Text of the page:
Once again though, this evidence is based on observation. SAD sufferers might also experience low vitamin D levels due to their sedentary lifestyle rather than low vitamin D levels being a primary cause of SAD. Or, perhaps as the researchers at the University of Georgia suggest, low levels of vitamin D could be creating an imbalance in serotonin and dopamine. The answer is up for debate as is the efficiency of using vitamin D supplements to treat SAD symptoms.
Do vitamin D supplements treat the symptoms of SAD?
When it comes to treating SAD, vitamin D supplements are becoming a popular option but, given the lack of conclusive evidence that low levels of vitamin D actually causes SAD, how effective are these supplements? Actually, the results are quite mixed!
A small Danish study examining 34 participants found that vitamin D supplementation produced no significant results when it came to treating SAD symptoms.7 Of course, this study does have limitations given its small scope, plus it’s worth noting that none of the participants actually reported having low vitamin D levels to begin with. In other studies where volunteers have had low vitamin D levels, supplements have produced more positive results – one study looking at adults with vitamin D deficiencies found their depressive symptoms improved after taking high strength vitamin D supplements for two months.8
So, perhaps for vitamin D supplementation to influence your mood, you must already have low levels of the nutrient. As with everything concerning SAD, there isn’t a clear answer but it is worth bearing in mind that the government has recently changed their guidelines concerning our vitamin D intake. Public Health England is now recommending that all of us consider a 10mcg vitamin D supplement during the winter months to ward off the risk of deficiency, with high risk groups possibly needing to consider a slightly stronger dose.9
No matter whether vitamin D can help to ease SAD symptoms or not, there is no doubt that having low levels of vitamin D can impact your mood which, in addition to SAD, may exacerbate your symptoms. That’s why I recommend a gentle vitamin D supplement during the winter months such as our Balance Mineral Drink.
Okay, so vitamin D may be useful for SAD symptoms in instances where a deficiency is present but the question remains – what can you do to ease SAD symptoms?
How do you beat SAD?
When it comes to tackling the symptoms of SAD, one of the best things you can do is actually one of the things you feel like doing the least – getting out in the fresh air!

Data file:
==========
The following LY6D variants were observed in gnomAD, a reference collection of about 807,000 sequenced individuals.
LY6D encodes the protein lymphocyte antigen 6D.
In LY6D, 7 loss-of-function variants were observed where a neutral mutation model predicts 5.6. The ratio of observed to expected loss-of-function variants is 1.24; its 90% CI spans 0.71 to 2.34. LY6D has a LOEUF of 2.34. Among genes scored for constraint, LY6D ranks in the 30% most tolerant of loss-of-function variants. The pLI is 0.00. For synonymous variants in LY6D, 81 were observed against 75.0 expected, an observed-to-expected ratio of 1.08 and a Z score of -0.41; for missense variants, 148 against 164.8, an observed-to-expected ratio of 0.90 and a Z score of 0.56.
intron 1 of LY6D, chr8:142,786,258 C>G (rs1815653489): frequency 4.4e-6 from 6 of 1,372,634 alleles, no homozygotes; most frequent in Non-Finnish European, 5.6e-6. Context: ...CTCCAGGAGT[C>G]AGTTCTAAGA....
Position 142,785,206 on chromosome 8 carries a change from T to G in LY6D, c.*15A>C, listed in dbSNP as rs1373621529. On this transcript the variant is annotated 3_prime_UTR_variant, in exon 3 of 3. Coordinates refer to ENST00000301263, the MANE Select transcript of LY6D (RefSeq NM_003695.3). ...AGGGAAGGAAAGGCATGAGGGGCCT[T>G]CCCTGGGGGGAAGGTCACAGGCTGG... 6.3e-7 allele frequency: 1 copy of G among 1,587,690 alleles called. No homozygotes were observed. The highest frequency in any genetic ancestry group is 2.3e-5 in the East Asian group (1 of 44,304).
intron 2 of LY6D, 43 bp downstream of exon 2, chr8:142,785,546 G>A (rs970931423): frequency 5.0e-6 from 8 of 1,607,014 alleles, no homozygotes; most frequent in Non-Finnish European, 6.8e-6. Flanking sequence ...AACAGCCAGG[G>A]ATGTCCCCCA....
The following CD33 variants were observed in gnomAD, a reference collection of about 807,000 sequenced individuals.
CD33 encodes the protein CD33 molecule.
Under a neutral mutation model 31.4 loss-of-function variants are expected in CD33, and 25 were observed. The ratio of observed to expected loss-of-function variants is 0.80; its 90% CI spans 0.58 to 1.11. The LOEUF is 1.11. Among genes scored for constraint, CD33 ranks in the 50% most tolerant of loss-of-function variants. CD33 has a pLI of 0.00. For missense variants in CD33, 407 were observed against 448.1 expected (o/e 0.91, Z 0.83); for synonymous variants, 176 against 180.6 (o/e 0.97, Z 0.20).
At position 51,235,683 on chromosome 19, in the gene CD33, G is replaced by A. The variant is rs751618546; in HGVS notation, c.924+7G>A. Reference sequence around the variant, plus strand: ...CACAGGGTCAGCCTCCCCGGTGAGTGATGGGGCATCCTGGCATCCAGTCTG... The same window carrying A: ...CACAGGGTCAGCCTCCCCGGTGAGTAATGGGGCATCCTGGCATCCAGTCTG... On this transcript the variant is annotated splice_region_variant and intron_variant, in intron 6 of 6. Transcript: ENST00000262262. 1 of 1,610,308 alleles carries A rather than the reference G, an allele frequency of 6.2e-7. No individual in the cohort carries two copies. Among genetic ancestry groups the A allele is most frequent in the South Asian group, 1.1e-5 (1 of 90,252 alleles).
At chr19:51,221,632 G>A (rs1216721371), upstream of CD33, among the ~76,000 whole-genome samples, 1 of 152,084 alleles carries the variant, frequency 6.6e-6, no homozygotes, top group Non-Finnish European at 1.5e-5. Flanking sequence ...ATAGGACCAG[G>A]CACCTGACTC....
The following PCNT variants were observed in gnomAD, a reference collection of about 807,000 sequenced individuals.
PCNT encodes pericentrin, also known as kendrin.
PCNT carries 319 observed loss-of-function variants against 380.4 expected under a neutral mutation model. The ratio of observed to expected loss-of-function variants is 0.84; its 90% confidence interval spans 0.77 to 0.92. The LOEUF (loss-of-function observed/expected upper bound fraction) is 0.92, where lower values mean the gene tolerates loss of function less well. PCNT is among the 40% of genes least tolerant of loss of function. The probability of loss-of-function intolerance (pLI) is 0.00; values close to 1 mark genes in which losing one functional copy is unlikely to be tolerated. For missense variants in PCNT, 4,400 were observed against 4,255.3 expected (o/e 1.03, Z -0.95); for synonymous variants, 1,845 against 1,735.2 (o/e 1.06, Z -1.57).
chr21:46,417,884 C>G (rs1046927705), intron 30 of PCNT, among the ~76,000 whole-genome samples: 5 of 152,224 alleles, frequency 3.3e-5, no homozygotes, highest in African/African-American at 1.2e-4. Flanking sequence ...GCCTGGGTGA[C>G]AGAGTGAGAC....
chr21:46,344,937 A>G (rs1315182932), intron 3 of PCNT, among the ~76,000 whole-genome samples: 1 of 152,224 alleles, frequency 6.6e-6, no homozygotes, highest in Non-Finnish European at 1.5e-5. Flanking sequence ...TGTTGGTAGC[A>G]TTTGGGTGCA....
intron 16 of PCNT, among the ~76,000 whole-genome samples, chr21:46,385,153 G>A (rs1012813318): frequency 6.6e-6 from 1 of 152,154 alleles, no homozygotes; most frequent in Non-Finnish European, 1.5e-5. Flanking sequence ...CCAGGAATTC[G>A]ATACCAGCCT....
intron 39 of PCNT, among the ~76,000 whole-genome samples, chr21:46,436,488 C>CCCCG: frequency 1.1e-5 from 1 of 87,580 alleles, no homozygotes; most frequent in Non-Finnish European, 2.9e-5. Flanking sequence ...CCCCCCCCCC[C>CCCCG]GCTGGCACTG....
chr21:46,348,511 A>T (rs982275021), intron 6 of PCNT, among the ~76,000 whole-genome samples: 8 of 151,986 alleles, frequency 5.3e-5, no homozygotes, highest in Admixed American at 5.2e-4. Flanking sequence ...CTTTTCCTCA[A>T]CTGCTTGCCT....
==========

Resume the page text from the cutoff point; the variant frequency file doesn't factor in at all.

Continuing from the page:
Getting outdoors maximises your exposure to sunlight which not only boosts your production of vitamin D, it helps to stimulate the release of cortisol making you feel more awake and energised. A brisk 20 minute walk in the winter sun can make all the difference by increasing your production of dopamine whilst also reducing anxiety and low mood.
Even if the weather is miserable though, that’s no excuse to sit indoors – some gentle exercise can really go a long way so get up off the couch and keep moving. Arrange to go swimming with a friend or join a yoga class – these are low-impact forms of exercise that should be kind on your body, plus the latter also teaches deep breathing techniques that can be useful for combatting stress and anxiety.
If you want more tips on how to beat SAD, I really recommend reading my blog ‘5 natural ways to prevent SAD’ and, if you want some insight into how your diet can help, ‘8 foods to fight the winter blues’ might also be a useful addition to your reading list. If you feel you need further assistance in coping with your symptoms though, you could consider a herbal remedy like St John’s Wort Hyperiforce which can help to gently relieve slight symptoms of low mood and anxiety. Just remember to read the product information leaflet carefully to make sure it isn’t contraindicated with any of the medications you are taking.
Finally, if you are well and truly struggling with your SAD symptoms it’s really important that you speak to your doctor. SAD is recognised as a mental health disorder by the NHS so don’t worry, you will be taken seriously and your doctor should be able to guide you through other treatment options.